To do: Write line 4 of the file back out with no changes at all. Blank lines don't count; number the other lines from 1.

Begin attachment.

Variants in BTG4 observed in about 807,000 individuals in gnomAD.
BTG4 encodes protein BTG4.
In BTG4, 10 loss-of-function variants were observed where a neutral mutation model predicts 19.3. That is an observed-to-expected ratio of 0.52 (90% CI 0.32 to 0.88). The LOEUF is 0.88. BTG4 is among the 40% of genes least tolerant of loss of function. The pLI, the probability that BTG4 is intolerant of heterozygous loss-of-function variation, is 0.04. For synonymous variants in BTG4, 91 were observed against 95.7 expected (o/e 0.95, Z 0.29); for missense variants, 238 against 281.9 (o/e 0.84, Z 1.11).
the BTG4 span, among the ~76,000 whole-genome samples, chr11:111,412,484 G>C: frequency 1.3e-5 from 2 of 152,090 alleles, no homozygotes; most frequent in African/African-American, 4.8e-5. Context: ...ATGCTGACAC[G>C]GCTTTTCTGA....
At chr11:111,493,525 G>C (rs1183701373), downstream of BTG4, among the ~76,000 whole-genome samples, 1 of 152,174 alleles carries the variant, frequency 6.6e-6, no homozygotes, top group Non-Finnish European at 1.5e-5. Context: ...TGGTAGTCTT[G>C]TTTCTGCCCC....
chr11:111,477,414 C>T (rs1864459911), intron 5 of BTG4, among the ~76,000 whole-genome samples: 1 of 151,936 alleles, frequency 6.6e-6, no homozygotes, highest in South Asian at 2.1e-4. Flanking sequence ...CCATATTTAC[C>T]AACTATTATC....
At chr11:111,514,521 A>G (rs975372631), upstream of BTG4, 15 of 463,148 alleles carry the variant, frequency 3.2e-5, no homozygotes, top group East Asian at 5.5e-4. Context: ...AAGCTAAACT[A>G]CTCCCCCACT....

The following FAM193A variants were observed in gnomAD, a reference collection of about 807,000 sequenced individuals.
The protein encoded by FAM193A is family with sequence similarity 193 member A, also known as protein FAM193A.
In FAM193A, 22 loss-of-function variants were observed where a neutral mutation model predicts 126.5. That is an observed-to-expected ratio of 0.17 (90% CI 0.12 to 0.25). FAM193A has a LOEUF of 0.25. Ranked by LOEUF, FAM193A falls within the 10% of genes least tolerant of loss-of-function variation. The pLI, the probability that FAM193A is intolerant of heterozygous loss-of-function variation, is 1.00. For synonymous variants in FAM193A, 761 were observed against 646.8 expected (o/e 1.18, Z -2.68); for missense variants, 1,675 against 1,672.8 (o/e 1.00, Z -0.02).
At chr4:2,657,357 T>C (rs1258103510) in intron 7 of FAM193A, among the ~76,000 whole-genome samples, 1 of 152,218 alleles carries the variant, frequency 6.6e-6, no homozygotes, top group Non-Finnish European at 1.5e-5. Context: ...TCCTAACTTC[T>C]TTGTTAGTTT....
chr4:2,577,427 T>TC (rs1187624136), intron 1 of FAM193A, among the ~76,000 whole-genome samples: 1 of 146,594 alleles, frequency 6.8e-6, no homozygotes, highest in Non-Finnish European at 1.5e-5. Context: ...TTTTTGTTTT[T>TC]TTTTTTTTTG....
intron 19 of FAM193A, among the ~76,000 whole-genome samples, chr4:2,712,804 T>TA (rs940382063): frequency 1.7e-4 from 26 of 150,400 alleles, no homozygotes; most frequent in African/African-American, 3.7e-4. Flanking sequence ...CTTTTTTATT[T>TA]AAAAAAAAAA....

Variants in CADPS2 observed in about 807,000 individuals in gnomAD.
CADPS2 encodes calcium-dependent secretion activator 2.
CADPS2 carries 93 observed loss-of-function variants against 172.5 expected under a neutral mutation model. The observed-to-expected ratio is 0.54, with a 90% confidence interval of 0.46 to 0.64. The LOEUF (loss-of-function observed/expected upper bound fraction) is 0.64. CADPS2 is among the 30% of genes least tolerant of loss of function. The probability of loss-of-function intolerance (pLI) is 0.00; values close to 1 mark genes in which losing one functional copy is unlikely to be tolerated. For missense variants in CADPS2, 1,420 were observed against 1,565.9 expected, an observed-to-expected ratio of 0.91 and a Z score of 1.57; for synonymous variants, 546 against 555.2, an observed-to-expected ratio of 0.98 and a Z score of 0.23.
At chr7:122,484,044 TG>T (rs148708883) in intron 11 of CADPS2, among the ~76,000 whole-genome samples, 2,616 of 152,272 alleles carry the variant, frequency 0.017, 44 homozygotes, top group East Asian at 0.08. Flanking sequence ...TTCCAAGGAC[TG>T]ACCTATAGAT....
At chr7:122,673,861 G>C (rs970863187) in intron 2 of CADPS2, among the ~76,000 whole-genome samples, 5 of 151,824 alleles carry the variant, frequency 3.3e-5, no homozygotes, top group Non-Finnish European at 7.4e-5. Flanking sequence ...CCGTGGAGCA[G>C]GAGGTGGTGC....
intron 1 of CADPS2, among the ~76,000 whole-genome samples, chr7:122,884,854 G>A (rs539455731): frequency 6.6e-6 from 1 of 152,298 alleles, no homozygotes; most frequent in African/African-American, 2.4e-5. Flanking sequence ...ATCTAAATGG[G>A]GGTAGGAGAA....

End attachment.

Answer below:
the BTG4 span, among the ~76,000 whole-genome samples, chr11:111,412,484 G>C: frequency 1.3e-5 from 2 of 152,090 alleles, no homozygotes; most frequent in African/African-American, 4.8e-5. Context: ...ATGCTGACAC[G>C]GCTTTTCTGA....